The biggest one was designed to have thousands of apartment units, a hotel, a few preschools and several clinics. A 1,500- square-foot three-bedroom apartment there was recently advertised for sale at just under $100,000. City and provincial governments that previously derived a large chunk of their revenues from land sales to Country Garden and other private developers are already feeling the pinch from a plunge in transactions.
Some weaker provinces and cities are struggling with heavy debt loads. In many poorer cities, people’s incomes are lower and less stable, and local governments’ budgets and finances are more stretched.
Home sales and prices have declined more steeply in weaker parts of the country than in wealthy cities like Beijing and Shanghai. “Country Garden was synonymous with China’s mass-market housing and urbanization story,” analysts from Barclays said in a note in September, adding that it didn’t have as much debt as Evergrande and was widely expected to survive the housing downturn.
When the developer had trouble making debt payments last month, “it shook what little confidence remained in the market,” they added.
“Chinese households no longer view housing as a safe investment,” said Michelle Lam, a China economist at Société Générale. She said privately run developers currently account for one-third of China’s total housing sales.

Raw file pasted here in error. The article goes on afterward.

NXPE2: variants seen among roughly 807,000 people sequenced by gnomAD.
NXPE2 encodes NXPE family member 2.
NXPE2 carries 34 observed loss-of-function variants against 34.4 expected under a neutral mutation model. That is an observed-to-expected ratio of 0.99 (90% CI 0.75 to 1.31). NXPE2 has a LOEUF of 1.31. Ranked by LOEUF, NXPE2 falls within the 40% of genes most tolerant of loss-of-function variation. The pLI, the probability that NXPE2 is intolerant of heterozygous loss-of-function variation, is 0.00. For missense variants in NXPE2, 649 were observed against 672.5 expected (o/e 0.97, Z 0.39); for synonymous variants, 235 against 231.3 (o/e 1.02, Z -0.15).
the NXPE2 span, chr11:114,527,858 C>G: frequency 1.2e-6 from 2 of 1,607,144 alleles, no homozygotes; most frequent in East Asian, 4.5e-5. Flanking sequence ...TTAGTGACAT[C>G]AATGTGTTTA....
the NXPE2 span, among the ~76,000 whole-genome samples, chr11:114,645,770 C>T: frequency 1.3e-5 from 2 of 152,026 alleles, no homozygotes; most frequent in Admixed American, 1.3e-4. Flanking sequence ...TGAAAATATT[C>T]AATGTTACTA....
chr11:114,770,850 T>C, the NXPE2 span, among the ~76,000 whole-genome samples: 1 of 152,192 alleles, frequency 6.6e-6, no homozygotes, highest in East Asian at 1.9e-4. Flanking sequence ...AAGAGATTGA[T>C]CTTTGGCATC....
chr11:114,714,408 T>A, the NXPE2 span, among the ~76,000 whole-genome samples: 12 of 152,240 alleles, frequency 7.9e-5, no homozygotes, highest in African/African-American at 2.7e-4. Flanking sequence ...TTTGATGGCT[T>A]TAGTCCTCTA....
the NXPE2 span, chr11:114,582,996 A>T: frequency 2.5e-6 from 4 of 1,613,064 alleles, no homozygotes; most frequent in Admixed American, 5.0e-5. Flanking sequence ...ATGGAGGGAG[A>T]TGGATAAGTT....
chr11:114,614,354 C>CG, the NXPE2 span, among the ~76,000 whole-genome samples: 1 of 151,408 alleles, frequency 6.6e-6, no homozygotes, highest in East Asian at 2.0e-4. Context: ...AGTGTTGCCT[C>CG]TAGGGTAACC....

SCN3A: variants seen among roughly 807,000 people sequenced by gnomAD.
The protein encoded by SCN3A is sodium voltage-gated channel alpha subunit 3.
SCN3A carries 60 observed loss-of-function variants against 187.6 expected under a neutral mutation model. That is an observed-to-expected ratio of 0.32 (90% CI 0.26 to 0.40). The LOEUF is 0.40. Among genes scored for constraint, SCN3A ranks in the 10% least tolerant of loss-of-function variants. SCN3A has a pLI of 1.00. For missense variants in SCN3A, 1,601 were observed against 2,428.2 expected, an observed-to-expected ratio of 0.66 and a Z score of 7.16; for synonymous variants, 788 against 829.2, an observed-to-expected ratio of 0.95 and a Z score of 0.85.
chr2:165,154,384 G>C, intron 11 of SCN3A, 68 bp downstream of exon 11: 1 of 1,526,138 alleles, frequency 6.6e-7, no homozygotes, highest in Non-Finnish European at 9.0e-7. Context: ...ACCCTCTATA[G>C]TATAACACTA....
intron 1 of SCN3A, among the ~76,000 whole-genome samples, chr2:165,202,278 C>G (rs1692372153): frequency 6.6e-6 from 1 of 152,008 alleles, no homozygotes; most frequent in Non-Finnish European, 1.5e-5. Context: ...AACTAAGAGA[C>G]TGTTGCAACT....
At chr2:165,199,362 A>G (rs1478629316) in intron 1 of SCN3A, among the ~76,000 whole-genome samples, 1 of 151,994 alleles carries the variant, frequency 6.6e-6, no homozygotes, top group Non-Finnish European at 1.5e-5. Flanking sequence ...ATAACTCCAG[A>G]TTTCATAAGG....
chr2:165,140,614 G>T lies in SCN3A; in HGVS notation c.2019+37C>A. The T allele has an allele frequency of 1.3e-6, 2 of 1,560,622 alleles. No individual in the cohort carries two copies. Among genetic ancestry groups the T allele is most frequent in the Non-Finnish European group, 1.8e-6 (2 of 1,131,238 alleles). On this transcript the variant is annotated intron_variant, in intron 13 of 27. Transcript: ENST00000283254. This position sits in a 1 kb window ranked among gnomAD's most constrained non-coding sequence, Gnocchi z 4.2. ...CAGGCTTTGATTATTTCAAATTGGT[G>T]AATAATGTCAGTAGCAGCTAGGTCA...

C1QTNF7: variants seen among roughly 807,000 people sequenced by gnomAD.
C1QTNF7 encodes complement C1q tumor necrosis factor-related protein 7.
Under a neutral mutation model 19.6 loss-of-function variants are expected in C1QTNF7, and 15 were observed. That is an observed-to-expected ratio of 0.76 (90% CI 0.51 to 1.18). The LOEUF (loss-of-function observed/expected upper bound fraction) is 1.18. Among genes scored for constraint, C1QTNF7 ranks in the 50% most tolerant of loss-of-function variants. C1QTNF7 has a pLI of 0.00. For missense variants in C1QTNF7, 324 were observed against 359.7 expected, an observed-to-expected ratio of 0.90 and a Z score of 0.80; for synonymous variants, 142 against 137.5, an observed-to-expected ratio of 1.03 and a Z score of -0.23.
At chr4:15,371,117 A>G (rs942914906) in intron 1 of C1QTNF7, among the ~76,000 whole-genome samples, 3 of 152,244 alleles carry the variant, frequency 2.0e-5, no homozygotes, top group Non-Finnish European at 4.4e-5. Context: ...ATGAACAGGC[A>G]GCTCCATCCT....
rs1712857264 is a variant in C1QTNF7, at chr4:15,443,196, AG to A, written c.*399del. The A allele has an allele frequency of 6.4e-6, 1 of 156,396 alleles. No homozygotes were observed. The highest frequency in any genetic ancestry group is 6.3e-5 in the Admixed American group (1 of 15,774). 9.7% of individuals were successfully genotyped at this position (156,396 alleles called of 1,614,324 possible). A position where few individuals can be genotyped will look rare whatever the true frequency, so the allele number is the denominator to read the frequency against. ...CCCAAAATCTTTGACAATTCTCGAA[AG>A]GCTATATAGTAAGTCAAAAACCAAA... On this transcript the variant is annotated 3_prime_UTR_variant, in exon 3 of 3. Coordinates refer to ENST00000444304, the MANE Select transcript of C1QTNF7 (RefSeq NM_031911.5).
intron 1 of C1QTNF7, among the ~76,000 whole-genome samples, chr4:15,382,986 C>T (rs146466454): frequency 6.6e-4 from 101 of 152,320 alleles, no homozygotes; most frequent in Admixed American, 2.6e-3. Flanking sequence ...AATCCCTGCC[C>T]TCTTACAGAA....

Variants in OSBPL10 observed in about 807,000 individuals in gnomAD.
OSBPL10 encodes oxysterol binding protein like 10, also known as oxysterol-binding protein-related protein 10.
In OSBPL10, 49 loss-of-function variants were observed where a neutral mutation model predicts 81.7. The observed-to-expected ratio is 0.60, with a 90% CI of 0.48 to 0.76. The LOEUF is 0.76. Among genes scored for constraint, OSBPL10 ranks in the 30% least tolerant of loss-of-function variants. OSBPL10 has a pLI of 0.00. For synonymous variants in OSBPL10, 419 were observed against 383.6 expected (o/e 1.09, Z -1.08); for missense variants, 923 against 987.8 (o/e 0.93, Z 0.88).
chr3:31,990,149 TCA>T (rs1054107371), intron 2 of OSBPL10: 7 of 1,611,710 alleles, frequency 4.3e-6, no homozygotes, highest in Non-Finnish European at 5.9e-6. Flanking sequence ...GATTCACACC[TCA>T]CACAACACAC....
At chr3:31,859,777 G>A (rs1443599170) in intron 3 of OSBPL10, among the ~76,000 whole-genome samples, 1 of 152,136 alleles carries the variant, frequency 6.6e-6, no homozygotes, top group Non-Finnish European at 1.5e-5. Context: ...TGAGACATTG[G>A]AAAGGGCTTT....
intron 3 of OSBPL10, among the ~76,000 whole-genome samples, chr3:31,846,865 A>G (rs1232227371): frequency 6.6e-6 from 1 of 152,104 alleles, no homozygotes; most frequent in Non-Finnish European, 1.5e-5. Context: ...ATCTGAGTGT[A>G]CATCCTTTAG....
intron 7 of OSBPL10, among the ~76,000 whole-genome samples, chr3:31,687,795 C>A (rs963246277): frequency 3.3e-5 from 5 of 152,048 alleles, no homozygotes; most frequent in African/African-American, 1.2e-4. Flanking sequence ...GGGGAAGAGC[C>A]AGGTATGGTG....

Crisis of confidence
In 2022, Evergrande’s default set off a chain reaction in the housing market that brought down dozens of other developers, including Sunac China, one of the three largest private-sector players.
Investors and banks pulled back, and a crisis of confidence began to spread across the market. Early in the year, Country Garden was one of a small number of property companies that was still able to sell U.S. dollar debt.
It said its financial position was strong, and expressed confidence that it could withstand the downturn. As the country’s property slump deepened, Chinese authorities in the middle of last year gave a boost to Country Garden and a few other privately run developers by helping them secure funding and backstopping their domestic bond sales.
By autumn investors had turned bearish again, and Country Garden’s bonds plunged to deeply distressed levels. Country Garden and its units began to shed assets to raise cash, including selling shares in a mall in the city of Guangzhou to a restaurant chain famous for pickled fish dishes and selling its stake in the famous Guangzhou Asian Games City, a popular housing complex built for the 2010 Asian Games, to a state-owned developer.